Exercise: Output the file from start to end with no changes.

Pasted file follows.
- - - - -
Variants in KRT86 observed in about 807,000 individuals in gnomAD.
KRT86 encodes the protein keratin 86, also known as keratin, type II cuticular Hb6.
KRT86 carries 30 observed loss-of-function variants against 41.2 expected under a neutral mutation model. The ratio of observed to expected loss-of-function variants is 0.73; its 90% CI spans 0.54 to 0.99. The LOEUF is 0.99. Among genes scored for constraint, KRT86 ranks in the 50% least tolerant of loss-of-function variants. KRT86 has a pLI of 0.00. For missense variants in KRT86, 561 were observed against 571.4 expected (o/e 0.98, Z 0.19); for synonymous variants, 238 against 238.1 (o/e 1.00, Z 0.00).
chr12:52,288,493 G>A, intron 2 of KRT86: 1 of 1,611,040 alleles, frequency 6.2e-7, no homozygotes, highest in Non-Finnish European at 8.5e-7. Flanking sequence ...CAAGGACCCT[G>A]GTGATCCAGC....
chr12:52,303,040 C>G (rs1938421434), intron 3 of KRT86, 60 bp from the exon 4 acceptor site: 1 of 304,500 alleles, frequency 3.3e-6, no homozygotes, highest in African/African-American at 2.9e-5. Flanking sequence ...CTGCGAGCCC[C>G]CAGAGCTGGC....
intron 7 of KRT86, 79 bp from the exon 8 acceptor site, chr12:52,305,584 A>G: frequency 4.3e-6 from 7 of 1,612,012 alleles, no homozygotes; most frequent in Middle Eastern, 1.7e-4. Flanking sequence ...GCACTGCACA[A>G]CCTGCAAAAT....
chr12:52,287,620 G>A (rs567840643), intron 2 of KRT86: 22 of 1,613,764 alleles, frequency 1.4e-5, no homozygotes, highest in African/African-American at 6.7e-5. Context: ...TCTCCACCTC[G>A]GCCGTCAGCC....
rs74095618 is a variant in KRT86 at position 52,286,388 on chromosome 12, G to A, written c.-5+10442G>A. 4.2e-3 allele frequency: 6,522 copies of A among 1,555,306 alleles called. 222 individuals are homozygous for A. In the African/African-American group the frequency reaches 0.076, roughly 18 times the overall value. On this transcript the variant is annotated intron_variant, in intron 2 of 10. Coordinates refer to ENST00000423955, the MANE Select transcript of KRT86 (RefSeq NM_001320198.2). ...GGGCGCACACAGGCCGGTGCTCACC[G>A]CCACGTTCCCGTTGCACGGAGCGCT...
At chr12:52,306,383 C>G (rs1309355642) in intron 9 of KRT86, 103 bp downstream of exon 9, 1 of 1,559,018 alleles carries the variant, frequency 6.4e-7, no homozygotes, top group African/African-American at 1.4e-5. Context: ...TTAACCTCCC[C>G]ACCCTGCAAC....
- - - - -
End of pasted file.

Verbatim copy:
Variants in KRT86 observed in about 807,000 individuals in gnomAD.
KRT86 encodes the protein keratin 86, also known as keratin, type II cuticular Hb6.
KRT86 carries 30 observed loss-of-function variants against 41.2 expected under a neutral mutation model. The ratio of observed to expected loss-of-function variants is 0.73; its 90% CI spans 0.54 to 0.99. The LOEUF is 0.99. Among genes scored for constraint, KRT86 ranks in the 50% least tolerant of loss-of-function variants. KRT86 has a pLI of 0.00. For missense variants in KRT86, 561 were observed against 571.4 expected (o/e 0.98, Z 0.19); for synonymous variants, 238 against 238.1 (o/e 1.00, Z 0.00).
chr12:52,288,493 G>A, intron 2 of KRT86: 1 of 1,611,040 alleles, frequency 6.2e-7, no homozygotes, highest in Non-Finnish European at 8.5e-7. Flanking sequence ...CAAGGACCCT[G>A]GTGATCCAGC....
chr12:52,303,040 C>G (rs1938421434), intron 3 of KRT86, 60 bp from the exon 4 acceptor site: 1 of 304,500 alleles, frequency 3.3e-6, no homozygotes, highest in African/African-American at 2.9e-5. Flanking sequence ...CTGCGAGCCC[C>G]CAGAGCTGGC....
intron 7 of KRT86, 79 bp from the exon 8 acceptor site, chr12:52,305,584 A>G: frequency 4.3e-6 from 7 of 1,612,012 alleles, no homozygotes; most frequent in Middle Eastern, 1.7e-4. Flanking sequence ...GCACTGCACA[A>G]CCTGCAAAAT....
chr12:52,287,620 G>A (rs567840643), intron 2 of KRT86: 22 of 1,613,764 alleles, frequency 1.4e-5, no homozygotes, highest in African/African-American at 6.7e-5. Context: ...TCTCCACCTC[G>A]GCCGTCAGCC....
rs74095618 is a variant in KRT86 at position 52,286,388 on chromosome 12, G to A, written c.-5+10442G>A. 4.2e-3 allele frequency: 6,522 copies of A among 1,555,306 alleles called. 222 individuals are homozygous for A. In the African/African-American group the frequency reaches 0.076, roughly 18 times the overall value. On this transcript the variant is annotated intron_variant, in intron 2 of 10. Coordinates refer to ENST00000423955, the MANE Select transcript of KRT86 (RefSeq NM_001320198.2). ...GGGCGCACACAGGCCGGTGCTCACC[G>A]CCACGTTCCCGTTGCACGGAGCGCT...
At chr12:52,306,383 C>G (rs1309355642) in intron 9 of KRT86, 103 bp downstream of exon 9, 1 of 1,559,018 alleles carries the variant, frequency 6.4e-7, no homozygotes, top group African/African-American at 1.4e-5. Context: ...TTAACCTCCC[C>G]ACCCTGCAAC....